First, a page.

The government's voluntary health insurance scheme looks set to cost subscribers 10 per cent more than current private schemes, but it would have wider coverage and there may be tax incentives, the health minister said.
Patient groups hope the scheme will offer a range of products with differing prices, and the insurance sector, which will sell it, hopes firms will have the flexibility to keep providing other medical plans, too.
The extra expense emerged from a report commissioned by the government to be made public by early next year, said Secretary for Food and Health Dr Ko Wing-man, who hopes the new insurance will take pressure of the public health system.
"The government will consider whether to offer tax discounts … to provide incentives to the middle class to buy the voluntary private medical insurance and reduce their use of public medical services," he said yesterday.
Insurance sector lawmaker Chan Kin-por said the government was proposing basic requirements for the scheme that included covering some medical procedures not usually covered by insurance. Nor did it want to increase charges when a user's health deteriorates, as is the case with most private schemes.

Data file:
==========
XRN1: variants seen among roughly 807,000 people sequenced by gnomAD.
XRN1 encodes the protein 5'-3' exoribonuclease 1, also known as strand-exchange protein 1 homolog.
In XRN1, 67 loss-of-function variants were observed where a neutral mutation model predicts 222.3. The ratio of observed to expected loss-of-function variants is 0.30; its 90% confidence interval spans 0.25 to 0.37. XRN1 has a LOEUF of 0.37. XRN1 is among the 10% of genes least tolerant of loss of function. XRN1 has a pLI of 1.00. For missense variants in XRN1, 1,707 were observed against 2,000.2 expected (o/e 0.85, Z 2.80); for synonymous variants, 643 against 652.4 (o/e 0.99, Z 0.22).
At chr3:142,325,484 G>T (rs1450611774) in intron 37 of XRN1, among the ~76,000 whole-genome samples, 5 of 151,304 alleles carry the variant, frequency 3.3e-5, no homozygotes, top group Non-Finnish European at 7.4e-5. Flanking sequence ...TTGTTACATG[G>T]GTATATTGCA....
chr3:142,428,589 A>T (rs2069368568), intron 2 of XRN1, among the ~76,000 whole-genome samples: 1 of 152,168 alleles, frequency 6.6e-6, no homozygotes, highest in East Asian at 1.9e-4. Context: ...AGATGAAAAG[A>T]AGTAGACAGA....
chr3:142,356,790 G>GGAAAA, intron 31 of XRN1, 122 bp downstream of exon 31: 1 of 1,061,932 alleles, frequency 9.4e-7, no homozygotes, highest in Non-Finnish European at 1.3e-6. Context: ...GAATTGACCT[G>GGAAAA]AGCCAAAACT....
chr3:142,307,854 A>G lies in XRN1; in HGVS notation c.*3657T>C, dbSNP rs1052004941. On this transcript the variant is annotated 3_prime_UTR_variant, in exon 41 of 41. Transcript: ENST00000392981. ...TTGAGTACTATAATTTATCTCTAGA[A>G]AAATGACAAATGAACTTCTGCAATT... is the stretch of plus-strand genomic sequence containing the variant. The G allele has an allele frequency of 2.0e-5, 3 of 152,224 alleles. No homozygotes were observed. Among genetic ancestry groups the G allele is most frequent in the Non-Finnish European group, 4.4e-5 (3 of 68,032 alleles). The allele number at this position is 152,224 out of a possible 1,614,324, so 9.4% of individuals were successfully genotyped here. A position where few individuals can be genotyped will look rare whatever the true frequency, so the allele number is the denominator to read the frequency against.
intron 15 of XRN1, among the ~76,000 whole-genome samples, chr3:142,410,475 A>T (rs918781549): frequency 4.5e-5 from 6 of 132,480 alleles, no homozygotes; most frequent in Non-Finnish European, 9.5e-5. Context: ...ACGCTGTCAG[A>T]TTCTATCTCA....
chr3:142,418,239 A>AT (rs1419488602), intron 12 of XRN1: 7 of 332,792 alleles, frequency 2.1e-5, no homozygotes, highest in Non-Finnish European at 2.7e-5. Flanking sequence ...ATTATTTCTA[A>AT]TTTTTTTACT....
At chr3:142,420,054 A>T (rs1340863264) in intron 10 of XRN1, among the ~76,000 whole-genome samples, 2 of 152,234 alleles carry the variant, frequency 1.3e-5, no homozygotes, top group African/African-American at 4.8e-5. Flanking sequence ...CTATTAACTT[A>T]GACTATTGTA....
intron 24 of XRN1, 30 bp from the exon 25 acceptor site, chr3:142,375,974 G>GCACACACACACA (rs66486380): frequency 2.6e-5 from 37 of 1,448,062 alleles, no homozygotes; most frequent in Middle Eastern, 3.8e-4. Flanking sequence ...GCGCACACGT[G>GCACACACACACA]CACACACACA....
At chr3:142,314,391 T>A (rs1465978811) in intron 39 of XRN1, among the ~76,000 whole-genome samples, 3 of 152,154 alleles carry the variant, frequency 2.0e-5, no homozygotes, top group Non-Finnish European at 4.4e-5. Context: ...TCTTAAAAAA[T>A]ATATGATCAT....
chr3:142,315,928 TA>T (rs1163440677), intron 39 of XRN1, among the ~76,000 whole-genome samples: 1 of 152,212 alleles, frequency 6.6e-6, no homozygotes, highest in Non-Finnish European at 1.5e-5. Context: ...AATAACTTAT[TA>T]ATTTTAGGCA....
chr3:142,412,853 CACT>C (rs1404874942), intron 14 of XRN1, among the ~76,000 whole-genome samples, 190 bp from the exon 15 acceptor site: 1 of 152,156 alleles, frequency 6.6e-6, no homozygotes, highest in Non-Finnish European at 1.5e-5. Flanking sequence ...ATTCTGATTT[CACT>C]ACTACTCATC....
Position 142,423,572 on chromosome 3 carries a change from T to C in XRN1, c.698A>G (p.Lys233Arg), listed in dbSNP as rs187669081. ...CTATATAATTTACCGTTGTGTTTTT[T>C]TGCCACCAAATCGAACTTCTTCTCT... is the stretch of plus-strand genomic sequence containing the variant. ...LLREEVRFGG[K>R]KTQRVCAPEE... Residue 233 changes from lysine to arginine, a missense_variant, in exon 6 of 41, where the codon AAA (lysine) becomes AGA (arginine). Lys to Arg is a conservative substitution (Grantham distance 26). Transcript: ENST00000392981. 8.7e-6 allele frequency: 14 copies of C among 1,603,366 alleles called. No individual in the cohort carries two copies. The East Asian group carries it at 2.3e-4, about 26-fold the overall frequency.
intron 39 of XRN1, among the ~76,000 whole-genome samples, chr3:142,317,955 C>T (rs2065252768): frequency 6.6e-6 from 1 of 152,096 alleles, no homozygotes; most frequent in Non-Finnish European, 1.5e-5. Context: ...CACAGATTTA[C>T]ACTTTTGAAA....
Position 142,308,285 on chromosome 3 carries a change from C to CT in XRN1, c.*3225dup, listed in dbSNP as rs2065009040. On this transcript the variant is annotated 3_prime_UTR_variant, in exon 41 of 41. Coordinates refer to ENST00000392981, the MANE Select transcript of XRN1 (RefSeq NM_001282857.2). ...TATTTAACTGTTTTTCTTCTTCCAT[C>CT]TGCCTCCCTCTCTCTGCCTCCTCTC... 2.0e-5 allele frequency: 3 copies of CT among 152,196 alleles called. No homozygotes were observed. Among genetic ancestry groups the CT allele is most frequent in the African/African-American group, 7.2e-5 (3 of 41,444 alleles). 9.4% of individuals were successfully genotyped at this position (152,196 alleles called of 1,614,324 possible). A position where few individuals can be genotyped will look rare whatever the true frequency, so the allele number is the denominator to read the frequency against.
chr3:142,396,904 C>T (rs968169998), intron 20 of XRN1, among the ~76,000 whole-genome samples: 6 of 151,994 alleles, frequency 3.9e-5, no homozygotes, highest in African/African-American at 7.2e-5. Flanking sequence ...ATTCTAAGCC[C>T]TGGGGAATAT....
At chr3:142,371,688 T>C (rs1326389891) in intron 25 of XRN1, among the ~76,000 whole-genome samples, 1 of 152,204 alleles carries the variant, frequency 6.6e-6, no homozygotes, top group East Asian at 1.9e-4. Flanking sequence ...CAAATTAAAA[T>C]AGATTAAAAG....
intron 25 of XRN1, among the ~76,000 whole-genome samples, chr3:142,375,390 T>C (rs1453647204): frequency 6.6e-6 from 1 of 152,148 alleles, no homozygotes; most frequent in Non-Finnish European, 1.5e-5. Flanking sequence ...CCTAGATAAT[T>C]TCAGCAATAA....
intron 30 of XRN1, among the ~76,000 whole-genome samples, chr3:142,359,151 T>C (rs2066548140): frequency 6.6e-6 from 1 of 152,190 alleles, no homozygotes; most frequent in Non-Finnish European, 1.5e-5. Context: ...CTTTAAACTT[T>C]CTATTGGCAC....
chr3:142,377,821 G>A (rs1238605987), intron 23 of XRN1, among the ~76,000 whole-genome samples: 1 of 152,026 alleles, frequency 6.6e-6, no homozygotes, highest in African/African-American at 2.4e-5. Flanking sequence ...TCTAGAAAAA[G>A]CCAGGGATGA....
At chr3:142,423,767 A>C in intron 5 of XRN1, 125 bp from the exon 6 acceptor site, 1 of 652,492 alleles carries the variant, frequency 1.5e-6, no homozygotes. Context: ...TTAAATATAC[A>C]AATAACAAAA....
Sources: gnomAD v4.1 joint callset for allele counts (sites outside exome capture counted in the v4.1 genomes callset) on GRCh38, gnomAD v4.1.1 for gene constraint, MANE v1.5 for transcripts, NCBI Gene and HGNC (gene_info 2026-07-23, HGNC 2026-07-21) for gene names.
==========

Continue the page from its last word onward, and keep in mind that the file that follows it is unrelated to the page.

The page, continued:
Tsang Kin-ping, spokesman for the Alliance for Patients' Mutual Help Organisations, said the government should also provide a cheaper insurance option.
"More choices would be better for consumers," Tsang said.
The government should set a target on how many public medical sector patients it wants to divert to the private sector through this scheme and design the insurance accordingly. He said he was still waiting for officials to respond to questions he had asked.
The government has also proposed a "high-risk pool" of funding to cover people whose health risks are three times higher than normal and who are not accepted by insurers. In the first year, the policy would be open to all high-risk people, but after that only high-risk people aged under 40 would be able to sign up.